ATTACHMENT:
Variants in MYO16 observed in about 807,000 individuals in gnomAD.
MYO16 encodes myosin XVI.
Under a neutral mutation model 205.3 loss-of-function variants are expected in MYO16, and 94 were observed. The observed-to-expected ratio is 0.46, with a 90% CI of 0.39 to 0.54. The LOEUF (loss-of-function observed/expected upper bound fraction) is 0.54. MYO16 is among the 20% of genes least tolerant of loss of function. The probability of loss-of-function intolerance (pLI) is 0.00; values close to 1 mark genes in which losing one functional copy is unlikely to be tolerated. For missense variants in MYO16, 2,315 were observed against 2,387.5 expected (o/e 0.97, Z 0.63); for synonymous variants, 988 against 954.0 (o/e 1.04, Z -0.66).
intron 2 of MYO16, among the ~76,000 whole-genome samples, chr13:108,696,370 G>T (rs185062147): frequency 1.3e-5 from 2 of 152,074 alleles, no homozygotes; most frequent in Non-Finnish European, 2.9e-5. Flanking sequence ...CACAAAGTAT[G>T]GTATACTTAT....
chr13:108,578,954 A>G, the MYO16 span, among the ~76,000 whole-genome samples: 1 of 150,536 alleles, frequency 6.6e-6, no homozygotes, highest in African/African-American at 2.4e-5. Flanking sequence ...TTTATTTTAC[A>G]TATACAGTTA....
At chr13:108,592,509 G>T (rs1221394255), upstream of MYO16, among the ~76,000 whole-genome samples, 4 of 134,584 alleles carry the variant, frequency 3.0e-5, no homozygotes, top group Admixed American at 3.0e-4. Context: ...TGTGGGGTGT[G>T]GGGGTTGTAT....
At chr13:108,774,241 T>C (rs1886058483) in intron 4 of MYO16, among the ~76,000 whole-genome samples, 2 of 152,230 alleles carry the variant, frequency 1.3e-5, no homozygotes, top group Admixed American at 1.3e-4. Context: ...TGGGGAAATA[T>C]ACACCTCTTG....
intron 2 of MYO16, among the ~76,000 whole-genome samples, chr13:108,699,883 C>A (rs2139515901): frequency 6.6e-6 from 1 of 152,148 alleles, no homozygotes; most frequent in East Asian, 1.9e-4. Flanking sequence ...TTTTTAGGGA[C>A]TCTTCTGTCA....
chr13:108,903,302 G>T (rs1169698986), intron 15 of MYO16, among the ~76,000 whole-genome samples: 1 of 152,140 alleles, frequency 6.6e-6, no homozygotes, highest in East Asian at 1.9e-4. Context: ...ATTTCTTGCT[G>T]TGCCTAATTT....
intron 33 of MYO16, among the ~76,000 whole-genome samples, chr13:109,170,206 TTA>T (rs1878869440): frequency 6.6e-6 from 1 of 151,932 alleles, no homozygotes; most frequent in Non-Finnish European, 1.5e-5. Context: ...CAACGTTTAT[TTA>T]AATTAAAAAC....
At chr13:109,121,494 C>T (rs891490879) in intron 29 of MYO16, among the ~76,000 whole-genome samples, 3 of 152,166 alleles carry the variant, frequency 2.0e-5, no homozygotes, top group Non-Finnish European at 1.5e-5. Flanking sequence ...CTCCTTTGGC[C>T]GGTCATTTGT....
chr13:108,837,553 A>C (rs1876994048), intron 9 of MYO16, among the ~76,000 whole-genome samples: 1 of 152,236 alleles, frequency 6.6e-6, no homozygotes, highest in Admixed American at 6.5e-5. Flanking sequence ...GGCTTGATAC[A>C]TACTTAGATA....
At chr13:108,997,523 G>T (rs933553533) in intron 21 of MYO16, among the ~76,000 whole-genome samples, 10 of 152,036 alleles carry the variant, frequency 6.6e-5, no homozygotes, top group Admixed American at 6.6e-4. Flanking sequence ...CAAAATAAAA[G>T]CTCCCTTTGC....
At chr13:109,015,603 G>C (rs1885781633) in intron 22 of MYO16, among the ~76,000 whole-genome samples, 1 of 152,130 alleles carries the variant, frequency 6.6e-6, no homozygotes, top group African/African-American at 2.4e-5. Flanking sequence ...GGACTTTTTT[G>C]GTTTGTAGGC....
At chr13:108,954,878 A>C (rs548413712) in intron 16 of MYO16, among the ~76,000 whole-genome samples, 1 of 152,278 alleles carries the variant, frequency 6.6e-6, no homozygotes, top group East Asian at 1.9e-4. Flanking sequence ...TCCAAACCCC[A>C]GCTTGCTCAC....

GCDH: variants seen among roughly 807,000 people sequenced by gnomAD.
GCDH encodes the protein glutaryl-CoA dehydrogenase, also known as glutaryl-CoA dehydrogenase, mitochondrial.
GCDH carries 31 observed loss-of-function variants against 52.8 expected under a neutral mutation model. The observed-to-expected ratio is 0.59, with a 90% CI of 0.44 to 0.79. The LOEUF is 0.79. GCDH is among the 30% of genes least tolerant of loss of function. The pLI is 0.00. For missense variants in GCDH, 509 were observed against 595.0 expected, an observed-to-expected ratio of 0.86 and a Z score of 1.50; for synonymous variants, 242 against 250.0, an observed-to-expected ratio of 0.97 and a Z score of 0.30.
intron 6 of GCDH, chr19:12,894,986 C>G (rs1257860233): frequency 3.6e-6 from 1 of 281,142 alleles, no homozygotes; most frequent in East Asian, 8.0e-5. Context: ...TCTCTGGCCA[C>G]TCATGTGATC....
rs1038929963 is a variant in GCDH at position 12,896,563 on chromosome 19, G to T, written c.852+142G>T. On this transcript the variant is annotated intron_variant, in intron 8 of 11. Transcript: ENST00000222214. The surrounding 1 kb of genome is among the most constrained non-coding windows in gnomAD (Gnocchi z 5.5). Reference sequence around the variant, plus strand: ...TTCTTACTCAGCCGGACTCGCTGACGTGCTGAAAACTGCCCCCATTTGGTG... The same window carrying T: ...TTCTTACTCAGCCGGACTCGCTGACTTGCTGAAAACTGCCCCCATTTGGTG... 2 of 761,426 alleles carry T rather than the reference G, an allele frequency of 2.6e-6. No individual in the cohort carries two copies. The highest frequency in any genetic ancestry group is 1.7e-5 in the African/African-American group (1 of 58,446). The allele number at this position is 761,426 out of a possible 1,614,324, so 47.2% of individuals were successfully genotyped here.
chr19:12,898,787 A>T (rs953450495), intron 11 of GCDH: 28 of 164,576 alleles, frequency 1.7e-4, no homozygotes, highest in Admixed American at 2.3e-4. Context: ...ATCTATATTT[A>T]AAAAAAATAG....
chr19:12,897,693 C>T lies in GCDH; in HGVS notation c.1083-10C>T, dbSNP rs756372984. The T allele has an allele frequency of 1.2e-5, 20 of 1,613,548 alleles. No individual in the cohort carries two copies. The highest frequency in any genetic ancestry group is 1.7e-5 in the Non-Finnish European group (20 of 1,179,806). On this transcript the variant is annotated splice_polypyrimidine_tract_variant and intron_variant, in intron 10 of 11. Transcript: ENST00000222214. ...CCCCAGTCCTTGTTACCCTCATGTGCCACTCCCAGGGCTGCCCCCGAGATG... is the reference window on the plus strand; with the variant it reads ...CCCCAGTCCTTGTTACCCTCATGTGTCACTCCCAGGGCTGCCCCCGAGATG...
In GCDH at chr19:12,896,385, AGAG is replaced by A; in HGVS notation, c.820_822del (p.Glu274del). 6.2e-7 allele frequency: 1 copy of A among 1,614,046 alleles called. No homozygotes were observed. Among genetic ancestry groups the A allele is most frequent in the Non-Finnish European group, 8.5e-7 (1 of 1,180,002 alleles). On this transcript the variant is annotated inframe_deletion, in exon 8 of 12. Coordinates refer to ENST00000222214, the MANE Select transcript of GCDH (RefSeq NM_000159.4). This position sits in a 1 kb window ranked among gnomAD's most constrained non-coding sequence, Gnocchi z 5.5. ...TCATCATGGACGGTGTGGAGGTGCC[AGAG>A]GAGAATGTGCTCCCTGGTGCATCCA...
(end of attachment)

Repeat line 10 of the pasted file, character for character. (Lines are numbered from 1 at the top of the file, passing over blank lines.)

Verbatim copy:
intron 33 of MYO16, among the ~76,000 whole-genome samples, chr13:109,170,206 TTA>T (rs1878869440): frequency 6.6e-6 from 1 of 151,932 alleles, no homozygotes; most frequent in Non-Finnish European, 1.5e-5. Context: ...CAACGTTTAT[TTA>T]AATTAAAAAC....